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John Battelle in an op-ed for The New York Times argues that we are not in a bubble, but instead we are building a better boom. Looking back over past few years, John argues that things have changed for the better. Open source software, commodity hardware and the ever falling prices of hardware have been game changers.
These emerging trends, were chronicled by me in pages of Business 2.0, first in The Rise of The Insta-Company, and then, The New Road To Riches and Escape from Silicon Valley. My colleague Michael Copeland and I had written two stories – The Fifth Wave and The Tech’s Big Comeback in recent months. What we point out that what were emerging trends are now a given.
John today, and Michael Parekh yesterday argue that the Web 2.0 is not in a bubble. I agree – so far it is not a bubble. But it can very quickly become one. Less than $200 million invested and some $100 million worth of exits. Not a bubble. Of course, those who have had successful – Flickr, OddPost and Weblogs Inc – most were built in the throes of what I call Internet depression. And raised minimal outside investments and bootstrapped. (Less is More!)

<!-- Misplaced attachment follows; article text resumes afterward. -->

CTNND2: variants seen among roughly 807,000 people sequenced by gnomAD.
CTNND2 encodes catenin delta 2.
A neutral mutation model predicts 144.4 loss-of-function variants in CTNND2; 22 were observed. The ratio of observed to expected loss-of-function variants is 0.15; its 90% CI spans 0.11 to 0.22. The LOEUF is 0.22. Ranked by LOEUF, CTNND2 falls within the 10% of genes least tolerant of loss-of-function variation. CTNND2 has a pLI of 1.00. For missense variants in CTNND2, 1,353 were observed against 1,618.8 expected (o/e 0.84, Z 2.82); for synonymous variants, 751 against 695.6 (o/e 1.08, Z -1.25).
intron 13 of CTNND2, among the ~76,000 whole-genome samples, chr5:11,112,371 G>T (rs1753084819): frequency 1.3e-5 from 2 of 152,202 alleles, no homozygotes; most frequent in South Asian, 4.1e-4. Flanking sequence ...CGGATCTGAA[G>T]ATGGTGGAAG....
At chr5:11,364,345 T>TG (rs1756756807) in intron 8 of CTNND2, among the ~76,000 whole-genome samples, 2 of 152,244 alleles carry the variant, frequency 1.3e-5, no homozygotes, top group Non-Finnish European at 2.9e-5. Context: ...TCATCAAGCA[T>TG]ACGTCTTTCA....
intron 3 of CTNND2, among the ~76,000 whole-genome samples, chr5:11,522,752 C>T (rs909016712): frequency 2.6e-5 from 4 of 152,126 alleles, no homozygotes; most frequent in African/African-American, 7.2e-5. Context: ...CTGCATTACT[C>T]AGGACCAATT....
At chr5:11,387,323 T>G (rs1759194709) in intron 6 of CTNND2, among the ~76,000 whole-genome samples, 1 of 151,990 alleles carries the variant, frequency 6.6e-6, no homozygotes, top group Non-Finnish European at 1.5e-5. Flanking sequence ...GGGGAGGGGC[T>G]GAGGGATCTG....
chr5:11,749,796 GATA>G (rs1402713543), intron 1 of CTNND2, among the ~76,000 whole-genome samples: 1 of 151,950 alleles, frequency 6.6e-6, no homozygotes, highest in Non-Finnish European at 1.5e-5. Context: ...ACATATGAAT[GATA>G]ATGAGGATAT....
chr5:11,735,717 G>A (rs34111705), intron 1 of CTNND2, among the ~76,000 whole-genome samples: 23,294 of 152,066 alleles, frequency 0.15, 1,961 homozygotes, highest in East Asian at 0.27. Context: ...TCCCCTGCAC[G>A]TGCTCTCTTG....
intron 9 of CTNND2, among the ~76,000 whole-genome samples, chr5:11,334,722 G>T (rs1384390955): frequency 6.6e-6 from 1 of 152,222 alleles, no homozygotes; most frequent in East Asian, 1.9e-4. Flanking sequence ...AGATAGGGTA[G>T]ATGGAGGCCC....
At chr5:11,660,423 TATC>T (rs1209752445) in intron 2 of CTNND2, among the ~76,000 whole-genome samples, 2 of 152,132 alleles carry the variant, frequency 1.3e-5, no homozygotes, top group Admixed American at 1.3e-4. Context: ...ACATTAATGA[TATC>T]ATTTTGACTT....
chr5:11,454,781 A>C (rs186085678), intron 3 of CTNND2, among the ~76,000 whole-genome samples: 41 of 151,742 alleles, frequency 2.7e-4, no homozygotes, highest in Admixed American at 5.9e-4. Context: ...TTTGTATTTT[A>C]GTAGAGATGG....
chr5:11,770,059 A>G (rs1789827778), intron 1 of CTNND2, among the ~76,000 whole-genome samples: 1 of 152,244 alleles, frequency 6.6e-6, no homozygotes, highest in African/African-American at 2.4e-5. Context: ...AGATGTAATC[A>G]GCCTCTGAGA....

Looking forward, there are some signs that make you go… oh! oh!
The recent frenzy to fund say five to-do-lists, or five video hosting sites or whatever. What we have is “Babble 2.0.” We are talking about these new tiny-tots in breathless tones ( I am guilty as charged!) and talking a lot… all the time. We are not asking the “show me the money questions.” That is giving VC community some kind of a nervous tic, and an itch to invest …. as much as they can… now. I think the babble is leading to over investments, and hence the general sense of a bubble.
There is a chance of things getting out of control. Here is a scary statistic sent to me by the law firm of Foley & Lardner LLP. They surveyed top executives, advisors, outside consultants and investors in the emerging technology industry, and were told by 75% of the respondents that in these days of stagnant, post-bubble IPO M&A is the only exit. Wow… can there be so many M&A deals?
I think being nervous and cautious is a good thing. I love innovation, I love new ideas, and I love a happy, growing Silicon Valley. What I don’t like is what happened in 2000. No I don’t like entrepreneurs getting hurt, getting dispirited. Just because someone had to put too much money to work!
[ * ] Babble 2.0, first used by none other than Jason Fried. Copy right… Mr. Fried.